4. Let your teenager have some choices and say in what they want to do. My mom has always been great at this, she does her best to make sure we can all try to do something we want to do on the trip. She gives my brother choices every day of the trip to let my brother do what he wants to do. If we are trying to do something as a family where he doesn’t have a choice, then we just tell him we are going to go do this and it will be so much fun! Let’s go! In some instances, during the day he doesn’t always have a choice, but when he can we make sure to give him a choice so he can choose what he wants to do.
  5. Make sure you have some down time to rest. A vacation is usually fast paced and exciting, but our family always makes sure we make time to rest back at the hotel. My brother loves just having downtime to play on his iPad or to get on his computer. We make sure he has this during his day to help regulate his sensory system. Make sure you don’t forget what types of activities help to regulate your child while on vacation.Make sure you find ways to incorporate that throughout your vacation to allow your child to be their best!
  6. Try to keep to a typical sleeping routine. My mom and brother are night owls, and I am not one any longer 🙁 Now, with my work schedule I usually try to go to bed earlier. I know that my mom does her best to try to keep my brother on his regular sleeping schedule to help him have enough energy to enjoy the next day’s activities.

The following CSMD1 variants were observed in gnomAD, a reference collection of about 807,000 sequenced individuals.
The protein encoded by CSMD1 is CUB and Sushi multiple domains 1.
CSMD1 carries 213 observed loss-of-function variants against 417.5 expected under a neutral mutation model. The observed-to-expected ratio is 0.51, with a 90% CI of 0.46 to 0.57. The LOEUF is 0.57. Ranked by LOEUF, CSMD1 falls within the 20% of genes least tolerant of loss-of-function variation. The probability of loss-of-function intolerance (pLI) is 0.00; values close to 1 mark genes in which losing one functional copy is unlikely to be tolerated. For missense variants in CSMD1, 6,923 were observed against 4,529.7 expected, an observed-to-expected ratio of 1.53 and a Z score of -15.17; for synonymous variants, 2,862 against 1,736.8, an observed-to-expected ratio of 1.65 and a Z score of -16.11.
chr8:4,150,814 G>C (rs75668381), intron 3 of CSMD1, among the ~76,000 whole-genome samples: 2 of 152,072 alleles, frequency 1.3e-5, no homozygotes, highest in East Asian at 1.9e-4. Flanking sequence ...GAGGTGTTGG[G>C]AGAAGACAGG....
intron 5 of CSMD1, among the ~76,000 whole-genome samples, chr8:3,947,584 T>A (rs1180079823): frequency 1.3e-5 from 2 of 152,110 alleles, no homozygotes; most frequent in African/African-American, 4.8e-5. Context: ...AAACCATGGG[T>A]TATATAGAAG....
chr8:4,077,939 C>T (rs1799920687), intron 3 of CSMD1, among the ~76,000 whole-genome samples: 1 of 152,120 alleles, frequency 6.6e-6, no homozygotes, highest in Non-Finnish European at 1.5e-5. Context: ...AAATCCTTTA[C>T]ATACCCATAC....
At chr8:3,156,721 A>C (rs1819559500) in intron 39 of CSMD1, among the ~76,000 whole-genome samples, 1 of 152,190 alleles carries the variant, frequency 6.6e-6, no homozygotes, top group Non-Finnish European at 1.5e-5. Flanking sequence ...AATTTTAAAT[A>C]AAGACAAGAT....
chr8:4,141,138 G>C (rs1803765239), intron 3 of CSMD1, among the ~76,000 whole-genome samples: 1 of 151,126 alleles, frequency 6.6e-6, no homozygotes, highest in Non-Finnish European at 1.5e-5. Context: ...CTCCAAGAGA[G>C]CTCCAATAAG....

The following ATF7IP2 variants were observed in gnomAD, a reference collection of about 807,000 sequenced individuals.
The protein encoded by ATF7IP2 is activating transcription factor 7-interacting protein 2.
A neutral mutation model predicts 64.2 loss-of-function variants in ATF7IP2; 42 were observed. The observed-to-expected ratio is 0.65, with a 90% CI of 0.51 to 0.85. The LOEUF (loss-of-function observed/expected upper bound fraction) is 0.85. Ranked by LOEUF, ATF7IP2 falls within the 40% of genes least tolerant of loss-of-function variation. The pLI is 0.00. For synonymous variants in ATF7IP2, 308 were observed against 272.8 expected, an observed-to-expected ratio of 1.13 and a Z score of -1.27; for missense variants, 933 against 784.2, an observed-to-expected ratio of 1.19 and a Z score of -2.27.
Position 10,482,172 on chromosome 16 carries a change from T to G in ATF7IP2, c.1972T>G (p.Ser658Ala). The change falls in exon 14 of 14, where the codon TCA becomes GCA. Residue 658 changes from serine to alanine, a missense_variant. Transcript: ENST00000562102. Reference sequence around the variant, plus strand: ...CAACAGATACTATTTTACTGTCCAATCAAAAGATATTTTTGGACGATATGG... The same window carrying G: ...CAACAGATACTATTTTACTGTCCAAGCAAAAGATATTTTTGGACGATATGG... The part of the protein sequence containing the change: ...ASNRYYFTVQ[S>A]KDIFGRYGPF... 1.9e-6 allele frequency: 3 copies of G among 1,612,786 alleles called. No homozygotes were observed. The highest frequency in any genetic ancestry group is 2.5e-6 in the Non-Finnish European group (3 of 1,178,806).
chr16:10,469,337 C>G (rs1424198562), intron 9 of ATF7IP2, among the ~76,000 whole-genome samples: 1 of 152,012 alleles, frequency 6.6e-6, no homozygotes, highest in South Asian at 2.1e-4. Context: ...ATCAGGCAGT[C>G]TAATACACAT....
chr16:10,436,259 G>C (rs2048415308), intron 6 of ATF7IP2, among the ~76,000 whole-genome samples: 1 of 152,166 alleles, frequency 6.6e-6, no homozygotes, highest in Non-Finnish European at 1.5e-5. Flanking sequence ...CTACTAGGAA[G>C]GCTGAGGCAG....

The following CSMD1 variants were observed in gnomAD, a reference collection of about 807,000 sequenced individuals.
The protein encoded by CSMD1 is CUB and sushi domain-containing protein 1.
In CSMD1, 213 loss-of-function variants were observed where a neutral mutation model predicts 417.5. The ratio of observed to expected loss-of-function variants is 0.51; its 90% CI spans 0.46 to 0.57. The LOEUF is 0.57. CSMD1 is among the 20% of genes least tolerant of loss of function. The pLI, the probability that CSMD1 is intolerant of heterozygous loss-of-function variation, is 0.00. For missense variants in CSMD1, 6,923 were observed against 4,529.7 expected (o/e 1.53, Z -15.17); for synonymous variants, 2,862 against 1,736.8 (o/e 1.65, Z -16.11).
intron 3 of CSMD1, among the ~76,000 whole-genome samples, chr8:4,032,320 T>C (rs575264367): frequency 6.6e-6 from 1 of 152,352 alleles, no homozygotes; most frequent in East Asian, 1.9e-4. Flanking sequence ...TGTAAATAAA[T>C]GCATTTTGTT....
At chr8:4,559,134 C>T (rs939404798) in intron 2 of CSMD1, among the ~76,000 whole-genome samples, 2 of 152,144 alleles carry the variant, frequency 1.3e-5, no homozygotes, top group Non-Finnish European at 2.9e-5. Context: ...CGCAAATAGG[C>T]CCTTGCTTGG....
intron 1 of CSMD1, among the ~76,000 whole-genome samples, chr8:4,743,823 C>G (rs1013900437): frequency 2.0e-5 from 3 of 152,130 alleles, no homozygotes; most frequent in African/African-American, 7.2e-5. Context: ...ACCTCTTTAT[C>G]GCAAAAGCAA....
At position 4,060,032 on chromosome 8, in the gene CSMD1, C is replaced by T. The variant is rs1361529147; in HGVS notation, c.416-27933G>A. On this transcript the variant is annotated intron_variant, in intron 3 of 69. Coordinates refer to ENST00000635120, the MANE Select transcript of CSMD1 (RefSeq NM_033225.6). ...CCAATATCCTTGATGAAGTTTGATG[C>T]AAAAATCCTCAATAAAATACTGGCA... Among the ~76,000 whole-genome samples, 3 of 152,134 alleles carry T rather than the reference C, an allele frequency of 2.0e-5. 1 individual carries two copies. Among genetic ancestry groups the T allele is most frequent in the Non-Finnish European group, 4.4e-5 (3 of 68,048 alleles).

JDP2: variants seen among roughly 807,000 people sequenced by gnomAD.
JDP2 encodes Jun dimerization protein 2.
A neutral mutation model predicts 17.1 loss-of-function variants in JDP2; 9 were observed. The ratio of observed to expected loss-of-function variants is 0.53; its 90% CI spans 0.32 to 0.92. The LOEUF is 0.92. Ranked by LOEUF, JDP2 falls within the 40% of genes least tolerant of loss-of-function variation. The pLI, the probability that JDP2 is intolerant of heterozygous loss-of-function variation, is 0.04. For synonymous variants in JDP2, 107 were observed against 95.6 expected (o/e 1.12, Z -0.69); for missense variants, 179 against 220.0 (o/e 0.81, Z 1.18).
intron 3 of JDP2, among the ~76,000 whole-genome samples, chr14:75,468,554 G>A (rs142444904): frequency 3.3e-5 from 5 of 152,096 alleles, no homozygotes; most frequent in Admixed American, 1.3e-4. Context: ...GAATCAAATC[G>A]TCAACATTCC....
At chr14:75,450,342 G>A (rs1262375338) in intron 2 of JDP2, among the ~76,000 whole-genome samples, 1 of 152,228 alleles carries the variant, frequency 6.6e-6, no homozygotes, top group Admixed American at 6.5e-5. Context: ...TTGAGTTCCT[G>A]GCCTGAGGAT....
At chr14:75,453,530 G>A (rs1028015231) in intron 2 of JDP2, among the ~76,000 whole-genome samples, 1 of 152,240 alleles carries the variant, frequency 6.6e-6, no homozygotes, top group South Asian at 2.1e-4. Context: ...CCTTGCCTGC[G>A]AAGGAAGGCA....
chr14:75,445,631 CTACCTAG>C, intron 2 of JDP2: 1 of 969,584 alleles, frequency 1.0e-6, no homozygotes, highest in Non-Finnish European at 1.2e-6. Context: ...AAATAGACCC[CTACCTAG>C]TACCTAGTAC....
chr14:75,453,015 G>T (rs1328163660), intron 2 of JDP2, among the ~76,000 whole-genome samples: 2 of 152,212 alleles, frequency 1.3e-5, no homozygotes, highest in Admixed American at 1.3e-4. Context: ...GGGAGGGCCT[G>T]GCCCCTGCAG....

7. We always try to pack some extra clothes, activities, and a pillow. Our family is one of those families that always brings too much, but we have learned that sometimes it is better to have too much than not the right stuff for your child. My mom does a great job of packing some extra clothes or outfits for my brother incase something were to happen and he wouldn’t like an outfit one day or it got dirty. She also does a great job of packing activities she know he likes. For example she packed some of his favorite things right now to help with the drive and waiting times in the hotel. She packed his fidget spinner, headphones, iPad, and putty. She also does a great job of bringing an extra pillow so that he will have something we know he likes when he goes to sleep. Not every hotel has great pillows and beds, but at least this way we know he has a pillow he likes.

Do you have any tips and strategies that have worked well for your family when you go on a vacation with your child or teenager? We would love to hear your tips in the comments below! We can always learn more to best be able to help my brother!

Voices of Special Needs Blog Hop